Pubdate: Wed, 06 Dec 2017
Source: Winnipeg Free Press (CN MB)
Copyright: 2017 Winnipeg Free Press
Author: Solomon Israel
Page: A1


MANITOBANS will be prohibited from growing marijuana for recreational
purposes at home after cannabis is legalized in 2018, should the
provincial government's new Safe and Responsible Retailing of Cannabis
Act become law.

The bill was introduced by Justice Minister Heather Stefanson in the
provincial legislative assembly Tuesday.

Although the federal Cannabis Act will allow Canadian adults to grow
up to four cannabis plants at their home, Stefanson said her
government was banning the practice, primarily for two reasons.

"This approach is consistent with our commitment to protect youth, and
also responds directly to concerns that homegrown cannabis may be
diverted to the black market," she told reporters Tuesday.

Stefanson also ascribed the decision to "a tremendous amount of
respect for law enforcement."

"I think it's difficult when they go into a home and start to look at
whether it's four or six plants or 10 plants. I think that's a very
difficult thing to be enforcing out there," she said.

Robb Inniss, who plans to open a hydroponic growing supply store in
Selkirk next year, said Tuesday's news left him "absolutely

"The black market will probably continue to thrive, just because we
are such a prime agricultural area," said Inniss. "Whether it's
organized crime or whether it's just private, personal growers, this
won't solve the problem."

The ban on home cannabis growing in Manitoba will not affect medical
cannabis users who are licensed to grow their own by the federal
government. Inniss said that should allow him to forge ahead with
opening his hydroponics store in the Interlake region.

"The amount of licensed personal growers (for medical purposes), as
well as the organic vegetable industry, should be enough to sustain
us," he said.

Scott Bernstein, a senior policy analyst with the Canadian Drug Policy
Coalition, took issue with Stefanson's claim banning home growing will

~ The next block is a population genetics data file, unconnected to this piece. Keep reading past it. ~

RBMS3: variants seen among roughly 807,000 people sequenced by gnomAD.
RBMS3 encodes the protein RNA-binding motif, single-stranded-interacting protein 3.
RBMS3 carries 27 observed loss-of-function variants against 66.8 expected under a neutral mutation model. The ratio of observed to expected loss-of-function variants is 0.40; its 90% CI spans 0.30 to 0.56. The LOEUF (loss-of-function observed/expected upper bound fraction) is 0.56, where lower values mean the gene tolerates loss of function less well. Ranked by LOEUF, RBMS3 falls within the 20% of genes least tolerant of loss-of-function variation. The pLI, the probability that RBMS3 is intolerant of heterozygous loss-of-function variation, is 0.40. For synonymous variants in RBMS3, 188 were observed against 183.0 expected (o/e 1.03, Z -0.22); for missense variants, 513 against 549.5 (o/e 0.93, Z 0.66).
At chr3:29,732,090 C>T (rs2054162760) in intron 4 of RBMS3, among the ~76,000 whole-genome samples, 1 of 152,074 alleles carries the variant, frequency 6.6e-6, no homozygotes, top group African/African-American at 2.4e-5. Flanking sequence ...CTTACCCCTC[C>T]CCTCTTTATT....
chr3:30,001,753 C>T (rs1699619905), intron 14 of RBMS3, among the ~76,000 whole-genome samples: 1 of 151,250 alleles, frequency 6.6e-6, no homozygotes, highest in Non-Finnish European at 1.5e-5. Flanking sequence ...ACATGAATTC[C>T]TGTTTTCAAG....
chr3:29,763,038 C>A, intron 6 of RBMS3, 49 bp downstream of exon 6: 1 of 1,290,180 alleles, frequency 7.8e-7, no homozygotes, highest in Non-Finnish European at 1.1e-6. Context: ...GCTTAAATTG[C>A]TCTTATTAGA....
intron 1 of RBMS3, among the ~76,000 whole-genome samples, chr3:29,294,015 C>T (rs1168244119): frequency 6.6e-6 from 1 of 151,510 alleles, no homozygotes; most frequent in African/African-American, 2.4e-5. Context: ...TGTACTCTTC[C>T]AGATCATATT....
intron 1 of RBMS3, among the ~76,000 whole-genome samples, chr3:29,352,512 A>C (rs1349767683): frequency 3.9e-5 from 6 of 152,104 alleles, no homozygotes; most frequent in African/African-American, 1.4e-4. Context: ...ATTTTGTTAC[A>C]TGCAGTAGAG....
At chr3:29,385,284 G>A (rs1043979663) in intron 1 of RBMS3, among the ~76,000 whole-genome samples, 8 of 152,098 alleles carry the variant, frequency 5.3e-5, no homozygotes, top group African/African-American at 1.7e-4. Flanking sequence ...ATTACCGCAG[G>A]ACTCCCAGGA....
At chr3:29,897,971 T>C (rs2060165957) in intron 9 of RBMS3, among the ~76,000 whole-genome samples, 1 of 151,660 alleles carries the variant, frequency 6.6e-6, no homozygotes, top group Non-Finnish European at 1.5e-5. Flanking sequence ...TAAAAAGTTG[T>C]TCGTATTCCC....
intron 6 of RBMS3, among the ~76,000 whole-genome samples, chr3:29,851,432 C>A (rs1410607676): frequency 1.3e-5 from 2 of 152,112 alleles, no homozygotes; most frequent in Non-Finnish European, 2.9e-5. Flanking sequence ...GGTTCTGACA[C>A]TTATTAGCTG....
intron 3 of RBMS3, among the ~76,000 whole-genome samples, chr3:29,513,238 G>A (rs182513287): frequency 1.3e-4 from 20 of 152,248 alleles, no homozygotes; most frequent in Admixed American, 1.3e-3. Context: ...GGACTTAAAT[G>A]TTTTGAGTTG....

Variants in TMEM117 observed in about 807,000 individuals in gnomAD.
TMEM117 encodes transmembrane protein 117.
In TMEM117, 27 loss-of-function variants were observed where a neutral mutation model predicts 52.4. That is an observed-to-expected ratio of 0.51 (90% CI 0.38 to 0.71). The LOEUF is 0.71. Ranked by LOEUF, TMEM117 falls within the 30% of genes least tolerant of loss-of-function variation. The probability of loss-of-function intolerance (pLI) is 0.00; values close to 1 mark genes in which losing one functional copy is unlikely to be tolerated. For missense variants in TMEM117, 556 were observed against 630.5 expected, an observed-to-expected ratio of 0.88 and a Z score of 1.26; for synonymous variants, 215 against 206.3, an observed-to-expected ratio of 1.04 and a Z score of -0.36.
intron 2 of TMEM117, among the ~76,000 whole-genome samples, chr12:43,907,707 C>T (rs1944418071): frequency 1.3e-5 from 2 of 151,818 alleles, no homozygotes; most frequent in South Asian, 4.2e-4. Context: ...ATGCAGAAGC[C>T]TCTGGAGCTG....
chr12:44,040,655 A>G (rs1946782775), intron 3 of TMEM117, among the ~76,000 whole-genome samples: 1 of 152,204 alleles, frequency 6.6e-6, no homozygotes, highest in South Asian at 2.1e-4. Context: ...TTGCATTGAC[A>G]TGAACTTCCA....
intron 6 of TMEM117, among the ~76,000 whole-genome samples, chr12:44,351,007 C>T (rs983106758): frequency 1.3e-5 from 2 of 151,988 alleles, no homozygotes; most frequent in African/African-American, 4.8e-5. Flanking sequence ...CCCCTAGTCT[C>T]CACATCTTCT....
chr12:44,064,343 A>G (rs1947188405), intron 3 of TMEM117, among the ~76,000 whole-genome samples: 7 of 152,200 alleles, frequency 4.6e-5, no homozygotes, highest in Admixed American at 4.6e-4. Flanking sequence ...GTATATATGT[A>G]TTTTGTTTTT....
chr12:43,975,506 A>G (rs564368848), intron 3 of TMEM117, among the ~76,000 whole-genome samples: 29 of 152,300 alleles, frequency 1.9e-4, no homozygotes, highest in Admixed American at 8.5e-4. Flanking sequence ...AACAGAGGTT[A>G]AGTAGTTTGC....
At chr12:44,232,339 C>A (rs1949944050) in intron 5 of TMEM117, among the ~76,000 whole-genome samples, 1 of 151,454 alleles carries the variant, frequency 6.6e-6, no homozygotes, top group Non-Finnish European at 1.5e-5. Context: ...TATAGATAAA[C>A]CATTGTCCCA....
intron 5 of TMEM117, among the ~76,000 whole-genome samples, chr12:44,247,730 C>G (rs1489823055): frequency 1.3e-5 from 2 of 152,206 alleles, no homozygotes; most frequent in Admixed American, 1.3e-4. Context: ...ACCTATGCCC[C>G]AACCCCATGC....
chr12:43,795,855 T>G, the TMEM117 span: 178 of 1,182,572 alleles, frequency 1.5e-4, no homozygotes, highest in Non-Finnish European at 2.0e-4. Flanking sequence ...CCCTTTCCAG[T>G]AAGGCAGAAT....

prevent cannabis from reaching youth or the black market.

"Four plants is not very much cannabis," he said. "That might supply a
couple people, it's not going to supply an entire dispensary."

Preventing home growing, Bernstein said, will primarily affect two
types of people: cannabis users who want to control exactly what goes
into their crop, and those without the financial means to purchase
cannabis at retail prices.

Local cannabis advocate Steven Stairs told reporters that he was
"extremely disappointed" by the government's decision to prevent
Manitobans from growing their own cannabis.

"A medical patient can grow 50 plants in their basement with a
disability, but an able-bodied person can't grow four plants safely? I
think that's nonsense."

The decision to disallow home growing is good news for Manitoba's
real-estate industry, said Lorne Weiss, chairman of the Manitoba Real
Estate Association's political action committee.

"Homegrown marijuana plants have never been allowed before, they've
been illegal, other than for medical reasons, and we'd like that to
continue," Weiss said.

"From our members' perspective, it's a good move to ensure our clients
that they are buying what they think they're buying - which is a home
that has not been used for the growing of cannabis."

The Safe and Responsible Retailing of Cannabis Act will also create
new provincial offences for selling cannabis without a licence,
purchasing from an unlicensed retailer, giving cannabis to a person
younger than 19, buying cannabis using a fake ID or giving a fake ID
to an underage person to purchase cannabis and providing cannabis to
an intoxicated person.

The new offences will be backed by penalties that are stricter than
those under Manitoba's current Liquor and Gaming Control Act, which
the new bill will amend.

For individuals, punishments could include fines of up to $100,000 and
a year in prison, while corporations would face fines of up to
$500,000. Minor offences would be penalized using tickets similar to
those for provincial liquor offences, according to civil servants who
briefed journalists on the details of the bill.

The bill will give regulatory power over cannabis to the Liquor and
Gaming Authority of Manitoba, which will be renamed the Liquor, Gaming
and Cannabis Authority of Manitoba. The LGCA will be responsible for
licensing cannabis stores in Manitoba, both retail and online.

The Manitoba Liquor & Lotteries Corp. will be responsible for
overseeing distribution of cannabis produced by federally licensed
companies, and all provincial retailers will be required to source
product from MLL.

Two categories of retail store will be permitted: the first will
restrict entrance to those of legal age, while the second will allow
full public access but keep products hidden behind the counter.

Combining cannabis sales with alcohol sales at the same location will
be prohibited, the civil servants said.

Manitoba municipalities will be allowed to hold plebiscites to ban
retail marijuana stores in their communities.
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